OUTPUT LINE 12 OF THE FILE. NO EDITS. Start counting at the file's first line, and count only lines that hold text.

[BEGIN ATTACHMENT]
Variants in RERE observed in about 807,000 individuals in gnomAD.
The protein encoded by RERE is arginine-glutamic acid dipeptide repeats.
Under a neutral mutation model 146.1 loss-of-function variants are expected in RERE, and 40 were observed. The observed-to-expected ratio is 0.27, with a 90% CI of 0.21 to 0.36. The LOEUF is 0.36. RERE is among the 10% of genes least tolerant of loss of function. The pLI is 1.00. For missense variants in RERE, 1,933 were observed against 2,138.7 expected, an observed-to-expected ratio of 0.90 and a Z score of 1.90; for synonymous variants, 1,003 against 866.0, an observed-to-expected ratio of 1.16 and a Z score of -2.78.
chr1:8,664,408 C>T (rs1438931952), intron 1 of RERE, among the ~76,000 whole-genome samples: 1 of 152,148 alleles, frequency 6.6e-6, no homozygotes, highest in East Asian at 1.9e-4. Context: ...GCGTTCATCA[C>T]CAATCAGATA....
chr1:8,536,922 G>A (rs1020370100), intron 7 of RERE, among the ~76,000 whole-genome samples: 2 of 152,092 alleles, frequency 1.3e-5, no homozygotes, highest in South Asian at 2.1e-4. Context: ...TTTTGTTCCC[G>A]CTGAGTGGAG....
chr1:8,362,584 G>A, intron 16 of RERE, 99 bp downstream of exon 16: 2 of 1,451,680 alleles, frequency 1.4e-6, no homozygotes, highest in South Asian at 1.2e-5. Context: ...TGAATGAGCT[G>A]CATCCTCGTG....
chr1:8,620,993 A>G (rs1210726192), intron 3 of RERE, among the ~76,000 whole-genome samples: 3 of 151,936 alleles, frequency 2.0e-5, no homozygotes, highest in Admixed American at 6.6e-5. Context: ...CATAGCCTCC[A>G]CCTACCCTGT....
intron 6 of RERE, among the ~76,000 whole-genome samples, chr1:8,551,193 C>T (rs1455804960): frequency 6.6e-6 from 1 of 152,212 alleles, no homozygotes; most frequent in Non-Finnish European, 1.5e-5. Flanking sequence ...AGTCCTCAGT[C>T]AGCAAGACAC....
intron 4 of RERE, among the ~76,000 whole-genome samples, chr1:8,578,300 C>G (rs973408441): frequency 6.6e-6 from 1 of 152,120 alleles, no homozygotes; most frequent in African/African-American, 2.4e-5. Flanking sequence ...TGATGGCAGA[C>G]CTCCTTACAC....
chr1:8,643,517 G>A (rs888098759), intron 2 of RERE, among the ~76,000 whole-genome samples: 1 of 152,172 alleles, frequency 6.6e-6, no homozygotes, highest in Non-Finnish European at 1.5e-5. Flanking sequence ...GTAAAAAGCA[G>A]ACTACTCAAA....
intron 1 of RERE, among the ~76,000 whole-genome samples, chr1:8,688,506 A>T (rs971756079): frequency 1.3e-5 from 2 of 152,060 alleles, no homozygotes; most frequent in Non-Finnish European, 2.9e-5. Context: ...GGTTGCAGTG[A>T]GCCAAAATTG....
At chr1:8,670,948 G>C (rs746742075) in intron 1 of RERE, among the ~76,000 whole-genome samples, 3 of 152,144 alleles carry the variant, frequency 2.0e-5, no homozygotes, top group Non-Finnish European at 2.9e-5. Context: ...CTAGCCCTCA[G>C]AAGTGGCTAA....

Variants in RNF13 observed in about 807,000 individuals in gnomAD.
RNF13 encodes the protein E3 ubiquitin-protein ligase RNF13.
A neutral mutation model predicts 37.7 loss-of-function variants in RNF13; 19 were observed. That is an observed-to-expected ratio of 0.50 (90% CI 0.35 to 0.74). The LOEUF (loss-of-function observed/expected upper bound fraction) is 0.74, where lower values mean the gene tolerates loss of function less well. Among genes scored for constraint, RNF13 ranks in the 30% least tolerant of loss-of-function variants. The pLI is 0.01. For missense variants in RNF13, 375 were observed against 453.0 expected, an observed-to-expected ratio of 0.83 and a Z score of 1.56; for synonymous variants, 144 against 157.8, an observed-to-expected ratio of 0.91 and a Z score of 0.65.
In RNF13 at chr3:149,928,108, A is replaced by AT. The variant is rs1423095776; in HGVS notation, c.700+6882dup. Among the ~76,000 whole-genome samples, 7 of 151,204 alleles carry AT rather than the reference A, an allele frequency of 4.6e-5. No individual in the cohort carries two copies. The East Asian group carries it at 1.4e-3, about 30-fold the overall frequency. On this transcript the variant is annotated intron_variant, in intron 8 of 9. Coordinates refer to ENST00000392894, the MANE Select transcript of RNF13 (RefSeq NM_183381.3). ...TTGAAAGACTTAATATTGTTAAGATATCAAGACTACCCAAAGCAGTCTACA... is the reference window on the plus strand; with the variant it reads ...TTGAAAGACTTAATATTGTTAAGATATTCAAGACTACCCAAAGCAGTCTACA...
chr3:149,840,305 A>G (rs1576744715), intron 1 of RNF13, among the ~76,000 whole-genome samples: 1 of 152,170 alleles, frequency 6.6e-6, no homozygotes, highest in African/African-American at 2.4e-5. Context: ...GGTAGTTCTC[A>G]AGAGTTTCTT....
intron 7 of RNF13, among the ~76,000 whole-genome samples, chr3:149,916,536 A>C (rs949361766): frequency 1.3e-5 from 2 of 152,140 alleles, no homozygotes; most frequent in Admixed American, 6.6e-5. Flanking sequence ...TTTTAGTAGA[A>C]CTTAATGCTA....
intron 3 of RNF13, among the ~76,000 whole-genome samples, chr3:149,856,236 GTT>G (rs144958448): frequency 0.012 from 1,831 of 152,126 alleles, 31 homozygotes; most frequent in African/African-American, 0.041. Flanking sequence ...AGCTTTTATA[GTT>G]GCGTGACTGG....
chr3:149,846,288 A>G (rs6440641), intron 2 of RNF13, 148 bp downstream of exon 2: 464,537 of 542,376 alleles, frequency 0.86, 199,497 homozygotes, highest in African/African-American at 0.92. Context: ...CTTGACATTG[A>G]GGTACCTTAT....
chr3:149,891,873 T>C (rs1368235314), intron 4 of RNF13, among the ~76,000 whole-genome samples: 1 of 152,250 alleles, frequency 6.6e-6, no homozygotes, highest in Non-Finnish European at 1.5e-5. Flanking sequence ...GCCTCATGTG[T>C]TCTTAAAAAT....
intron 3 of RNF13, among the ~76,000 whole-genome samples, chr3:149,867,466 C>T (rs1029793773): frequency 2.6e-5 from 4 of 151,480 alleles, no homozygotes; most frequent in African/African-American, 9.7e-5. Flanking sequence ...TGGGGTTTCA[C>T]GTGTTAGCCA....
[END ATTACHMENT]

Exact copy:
At chr1:8,670,948 G>C (rs746742075) in intron 1 of RERE, among the ~76,000 whole-genome samples, 3 of 152,144 alleles carry the variant, frequency 2.0e-5, no homozygotes, top group Non-Finnish European at 2.9e-5. Context: ...CTAGCCCTCA[G>C]AAGTGGCTAA....